"BRASH EAGLES Are Ready to Do Some Bruising," said one headline in an out-of-town paper last Saturday morning. That didn't seem to be an unreasonable forecast for the day's coming football game between the Philadelphia Eagles and the Washington Redskins. The last time the teams met, on Nov. 12, the Eagles won easily while inflicting injuries that knocked the Redskins' two healthy quarterbacks and a half-dozen other players out of the game. Then they stood around making wisecracks about the toll. Last week they went to Tampa, Fla., to practice for their playoff game against Washington. "We wanted to come down here and get a look at where the Super Bowl is gonna be played," said one of the Eagles. "We're coming back, you know." They made it clear they were looking beyond the Redskins to next weekend's game.
The Redskins, meanwhile, practiced at home and quietly ignored the bluster. It was all corny enough to be a remake of "High Noon," and as it turned out on Saturday, that's pretty much what it was, only the suspense was less because the posse didn't stay home this time. Everybody pitched in, and Washington's team walked off the field in Philadelphia with a surprisingly one-sided 20-6 victory. Three days later, Buddy Ryan, whose demeanor as coach has set the tone for the bumptious Eagles, was fired by the team's owner.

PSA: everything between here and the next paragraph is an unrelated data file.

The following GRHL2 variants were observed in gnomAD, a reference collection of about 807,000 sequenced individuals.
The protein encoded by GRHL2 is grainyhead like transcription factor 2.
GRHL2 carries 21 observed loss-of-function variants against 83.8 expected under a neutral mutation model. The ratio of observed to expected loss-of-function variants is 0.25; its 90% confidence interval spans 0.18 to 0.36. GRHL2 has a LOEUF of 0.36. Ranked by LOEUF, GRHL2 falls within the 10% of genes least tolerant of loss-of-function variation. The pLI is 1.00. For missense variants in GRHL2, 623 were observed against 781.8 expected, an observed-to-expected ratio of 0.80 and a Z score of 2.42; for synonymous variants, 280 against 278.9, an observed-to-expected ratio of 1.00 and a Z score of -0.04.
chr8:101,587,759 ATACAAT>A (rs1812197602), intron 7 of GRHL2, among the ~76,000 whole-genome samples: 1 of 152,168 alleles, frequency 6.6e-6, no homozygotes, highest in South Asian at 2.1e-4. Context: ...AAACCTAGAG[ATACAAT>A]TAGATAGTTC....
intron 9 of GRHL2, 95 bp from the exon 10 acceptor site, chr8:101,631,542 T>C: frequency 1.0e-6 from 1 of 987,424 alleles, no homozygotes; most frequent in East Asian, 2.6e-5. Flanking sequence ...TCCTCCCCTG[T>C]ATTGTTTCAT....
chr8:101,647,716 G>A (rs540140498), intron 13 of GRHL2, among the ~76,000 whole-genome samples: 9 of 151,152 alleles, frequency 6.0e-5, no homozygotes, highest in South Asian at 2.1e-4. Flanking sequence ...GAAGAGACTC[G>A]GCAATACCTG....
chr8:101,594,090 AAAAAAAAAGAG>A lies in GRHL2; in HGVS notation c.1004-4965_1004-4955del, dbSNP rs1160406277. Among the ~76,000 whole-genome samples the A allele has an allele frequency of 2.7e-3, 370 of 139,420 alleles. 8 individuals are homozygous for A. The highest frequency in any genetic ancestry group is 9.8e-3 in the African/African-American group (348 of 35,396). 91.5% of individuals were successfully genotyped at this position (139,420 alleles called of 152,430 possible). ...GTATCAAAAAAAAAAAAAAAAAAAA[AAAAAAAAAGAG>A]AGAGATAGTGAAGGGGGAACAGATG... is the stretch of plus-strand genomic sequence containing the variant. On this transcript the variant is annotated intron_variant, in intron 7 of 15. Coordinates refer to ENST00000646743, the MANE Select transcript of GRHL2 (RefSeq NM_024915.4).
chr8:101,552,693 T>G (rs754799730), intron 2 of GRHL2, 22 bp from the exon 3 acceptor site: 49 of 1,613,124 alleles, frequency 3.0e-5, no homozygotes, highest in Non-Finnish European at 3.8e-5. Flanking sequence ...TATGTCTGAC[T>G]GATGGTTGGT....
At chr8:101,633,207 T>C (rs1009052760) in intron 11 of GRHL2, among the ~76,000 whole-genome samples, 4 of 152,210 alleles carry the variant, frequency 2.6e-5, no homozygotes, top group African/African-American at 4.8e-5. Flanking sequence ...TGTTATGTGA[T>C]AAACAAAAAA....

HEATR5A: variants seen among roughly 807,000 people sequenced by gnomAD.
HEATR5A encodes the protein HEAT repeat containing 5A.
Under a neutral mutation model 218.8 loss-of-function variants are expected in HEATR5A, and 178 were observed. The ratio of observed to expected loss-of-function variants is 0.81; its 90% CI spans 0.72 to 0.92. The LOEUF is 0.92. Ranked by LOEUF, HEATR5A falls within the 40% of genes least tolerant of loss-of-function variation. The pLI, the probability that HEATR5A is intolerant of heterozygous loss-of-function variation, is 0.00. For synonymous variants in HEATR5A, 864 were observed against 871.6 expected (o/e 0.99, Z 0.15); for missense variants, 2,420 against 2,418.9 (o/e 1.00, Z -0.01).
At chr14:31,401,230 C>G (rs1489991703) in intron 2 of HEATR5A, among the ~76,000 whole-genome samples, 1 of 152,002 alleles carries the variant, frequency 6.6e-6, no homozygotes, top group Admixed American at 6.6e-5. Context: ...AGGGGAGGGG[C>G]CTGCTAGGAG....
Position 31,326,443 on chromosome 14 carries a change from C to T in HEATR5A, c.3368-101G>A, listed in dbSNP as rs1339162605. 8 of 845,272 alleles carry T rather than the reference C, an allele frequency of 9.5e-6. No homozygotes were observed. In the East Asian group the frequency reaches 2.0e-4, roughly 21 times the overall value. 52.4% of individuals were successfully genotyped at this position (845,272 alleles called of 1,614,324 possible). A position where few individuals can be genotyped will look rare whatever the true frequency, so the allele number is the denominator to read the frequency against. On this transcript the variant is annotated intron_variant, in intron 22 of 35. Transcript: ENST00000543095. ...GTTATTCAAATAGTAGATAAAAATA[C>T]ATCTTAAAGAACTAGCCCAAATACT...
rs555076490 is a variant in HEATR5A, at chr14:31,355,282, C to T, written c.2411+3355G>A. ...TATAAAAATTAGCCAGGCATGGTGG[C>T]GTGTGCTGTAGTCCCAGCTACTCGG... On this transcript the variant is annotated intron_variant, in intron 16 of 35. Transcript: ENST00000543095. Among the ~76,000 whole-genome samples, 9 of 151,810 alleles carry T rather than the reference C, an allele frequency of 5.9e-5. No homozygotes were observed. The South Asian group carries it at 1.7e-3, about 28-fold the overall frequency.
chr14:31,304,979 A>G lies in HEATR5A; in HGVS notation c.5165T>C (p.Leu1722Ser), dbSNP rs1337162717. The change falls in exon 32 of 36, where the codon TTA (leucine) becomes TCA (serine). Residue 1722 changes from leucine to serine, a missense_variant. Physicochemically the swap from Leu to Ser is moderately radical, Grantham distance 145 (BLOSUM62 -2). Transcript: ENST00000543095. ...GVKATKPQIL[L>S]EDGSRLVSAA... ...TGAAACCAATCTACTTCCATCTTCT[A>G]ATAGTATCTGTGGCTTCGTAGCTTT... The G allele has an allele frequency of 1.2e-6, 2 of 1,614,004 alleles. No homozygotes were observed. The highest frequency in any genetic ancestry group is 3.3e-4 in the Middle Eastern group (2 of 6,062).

It's not reason to gloat when a person loses his job, and in any event the Redskins this week have stuck to an agreement they'd made among themselves not to talk about the Eagles or their coach, which was probably a good idea, since any team that is about to face the San Francisco 49ers has more important things to do than talk about a past victory. The Eagles aren't the ogres of professional football, nor are the Redskins its shining knights. But in his decade of coaching here, Joe Gibbs has, like Buddy Ryan, set a certain tone for his team, and it was nicely summarized in a remark he made Saturday after the game: "We want to win the right way and lose the right way," he said. "You always want to try to do things with character and class."
It's not a bad thing when the team that brings the people of this area together more than any other is one that's capable of teaching some lessons in sportsmanship.